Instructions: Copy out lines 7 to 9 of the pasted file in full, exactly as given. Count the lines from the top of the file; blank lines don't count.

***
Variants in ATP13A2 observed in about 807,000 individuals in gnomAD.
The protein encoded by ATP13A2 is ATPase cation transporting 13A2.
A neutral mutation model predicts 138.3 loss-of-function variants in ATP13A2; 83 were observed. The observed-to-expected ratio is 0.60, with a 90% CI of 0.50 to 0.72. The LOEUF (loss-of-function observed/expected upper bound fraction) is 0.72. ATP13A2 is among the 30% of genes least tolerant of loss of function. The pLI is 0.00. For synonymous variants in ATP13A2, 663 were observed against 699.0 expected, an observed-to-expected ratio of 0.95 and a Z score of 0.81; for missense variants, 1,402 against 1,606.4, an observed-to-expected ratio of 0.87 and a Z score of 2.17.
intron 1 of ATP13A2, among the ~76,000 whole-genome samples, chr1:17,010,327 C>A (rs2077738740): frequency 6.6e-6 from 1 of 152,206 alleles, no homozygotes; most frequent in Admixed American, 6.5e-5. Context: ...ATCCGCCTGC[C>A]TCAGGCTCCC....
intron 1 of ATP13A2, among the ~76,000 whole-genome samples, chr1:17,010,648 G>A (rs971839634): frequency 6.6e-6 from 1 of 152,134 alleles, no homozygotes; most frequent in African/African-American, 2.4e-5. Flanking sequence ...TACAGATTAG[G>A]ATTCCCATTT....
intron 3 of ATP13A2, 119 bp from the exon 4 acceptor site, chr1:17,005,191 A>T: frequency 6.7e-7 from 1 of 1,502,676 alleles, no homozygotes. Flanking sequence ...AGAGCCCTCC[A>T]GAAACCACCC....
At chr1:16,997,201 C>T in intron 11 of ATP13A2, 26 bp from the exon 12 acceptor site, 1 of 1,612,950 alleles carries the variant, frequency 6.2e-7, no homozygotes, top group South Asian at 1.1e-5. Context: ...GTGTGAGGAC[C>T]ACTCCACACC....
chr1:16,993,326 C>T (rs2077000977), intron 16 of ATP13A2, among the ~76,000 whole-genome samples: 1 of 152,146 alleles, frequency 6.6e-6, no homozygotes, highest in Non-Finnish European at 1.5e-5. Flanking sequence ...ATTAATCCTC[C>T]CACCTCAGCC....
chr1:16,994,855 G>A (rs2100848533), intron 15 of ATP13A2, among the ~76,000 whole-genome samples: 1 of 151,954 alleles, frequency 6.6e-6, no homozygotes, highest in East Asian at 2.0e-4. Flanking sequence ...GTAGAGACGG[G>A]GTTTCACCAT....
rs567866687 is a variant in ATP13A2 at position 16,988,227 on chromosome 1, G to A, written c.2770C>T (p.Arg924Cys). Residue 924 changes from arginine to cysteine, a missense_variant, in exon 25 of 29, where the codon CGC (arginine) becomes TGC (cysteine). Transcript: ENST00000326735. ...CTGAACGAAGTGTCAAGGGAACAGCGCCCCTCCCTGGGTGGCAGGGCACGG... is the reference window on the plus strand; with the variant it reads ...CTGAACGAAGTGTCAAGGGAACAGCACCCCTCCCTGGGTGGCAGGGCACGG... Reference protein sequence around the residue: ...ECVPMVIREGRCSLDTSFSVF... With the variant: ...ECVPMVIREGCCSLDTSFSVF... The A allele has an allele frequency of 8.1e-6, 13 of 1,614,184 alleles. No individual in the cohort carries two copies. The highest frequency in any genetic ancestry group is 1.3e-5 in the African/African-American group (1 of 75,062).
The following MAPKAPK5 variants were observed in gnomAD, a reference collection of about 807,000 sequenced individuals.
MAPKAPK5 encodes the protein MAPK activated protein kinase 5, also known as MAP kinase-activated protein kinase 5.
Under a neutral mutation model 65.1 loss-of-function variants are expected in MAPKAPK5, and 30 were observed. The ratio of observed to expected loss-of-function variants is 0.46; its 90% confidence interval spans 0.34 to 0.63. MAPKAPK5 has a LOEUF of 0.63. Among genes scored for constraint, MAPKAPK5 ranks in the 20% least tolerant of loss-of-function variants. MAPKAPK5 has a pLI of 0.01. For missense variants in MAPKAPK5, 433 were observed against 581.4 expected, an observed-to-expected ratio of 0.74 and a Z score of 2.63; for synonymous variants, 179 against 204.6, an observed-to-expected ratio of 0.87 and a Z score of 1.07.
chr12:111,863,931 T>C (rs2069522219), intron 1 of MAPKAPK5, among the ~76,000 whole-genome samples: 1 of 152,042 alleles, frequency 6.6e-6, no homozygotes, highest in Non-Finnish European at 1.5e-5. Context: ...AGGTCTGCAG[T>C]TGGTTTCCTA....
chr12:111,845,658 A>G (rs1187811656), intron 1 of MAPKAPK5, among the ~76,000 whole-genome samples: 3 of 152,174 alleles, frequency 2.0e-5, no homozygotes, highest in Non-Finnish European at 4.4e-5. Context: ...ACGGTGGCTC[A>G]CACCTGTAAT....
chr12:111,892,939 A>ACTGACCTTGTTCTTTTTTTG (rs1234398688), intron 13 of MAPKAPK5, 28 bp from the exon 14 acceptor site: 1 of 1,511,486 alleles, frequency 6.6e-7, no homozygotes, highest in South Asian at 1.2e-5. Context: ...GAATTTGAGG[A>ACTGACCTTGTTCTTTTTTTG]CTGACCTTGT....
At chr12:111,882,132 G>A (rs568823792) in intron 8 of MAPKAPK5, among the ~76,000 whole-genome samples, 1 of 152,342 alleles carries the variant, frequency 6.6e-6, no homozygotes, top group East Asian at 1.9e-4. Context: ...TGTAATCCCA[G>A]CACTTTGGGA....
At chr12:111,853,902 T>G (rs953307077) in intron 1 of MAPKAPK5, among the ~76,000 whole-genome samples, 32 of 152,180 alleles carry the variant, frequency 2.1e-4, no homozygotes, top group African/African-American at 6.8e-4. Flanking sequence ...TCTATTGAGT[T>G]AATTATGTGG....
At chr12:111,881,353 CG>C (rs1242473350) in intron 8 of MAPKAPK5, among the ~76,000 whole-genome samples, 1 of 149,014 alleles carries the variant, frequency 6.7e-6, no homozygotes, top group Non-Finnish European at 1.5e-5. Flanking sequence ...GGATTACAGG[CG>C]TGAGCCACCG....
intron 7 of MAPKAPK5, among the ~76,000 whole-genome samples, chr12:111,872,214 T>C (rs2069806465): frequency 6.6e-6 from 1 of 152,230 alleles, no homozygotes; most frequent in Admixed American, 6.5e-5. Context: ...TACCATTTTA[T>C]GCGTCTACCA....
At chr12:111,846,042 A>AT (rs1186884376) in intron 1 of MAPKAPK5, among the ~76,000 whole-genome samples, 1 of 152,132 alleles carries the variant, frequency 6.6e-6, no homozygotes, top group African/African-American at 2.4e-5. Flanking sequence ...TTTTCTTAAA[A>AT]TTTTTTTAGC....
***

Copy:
At chr1:16,997,201 C>T in intron 11 of ATP13A2, 26 bp from the exon 12 acceptor site, 1 of 1,612,950 alleles carries the variant, frequency 6.2e-7, no homozygotes, top group South Asian at 1.1e-5. Context: ...GTGTGAGGAC[C>T]ACTCCACACC....
chr1:16,993,326 C>T (rs2077000977), intron 16 of ATP13A2, among the ~76,000 whole-genome samples: 1 of 152,146 alleles, frequency 6.6e-6, no homozygotes, highest in Non-Finnish European at 1.5e-5. Flanking sequence ...ATTAATCCTC[C>T]CACCTCAGCC....
chr1:16,994,855 G>A (rs2100848533), intron 15 of ATP13A2, among the ~76,000 whole-genome samples: 1 of 151,954 alleles, frequency 6.6e-6, no homozygotes, highest in East Asian at 2.0e-4. Flanking sequence ...GTAGAGACGG[G>A]GTTTCACCAT....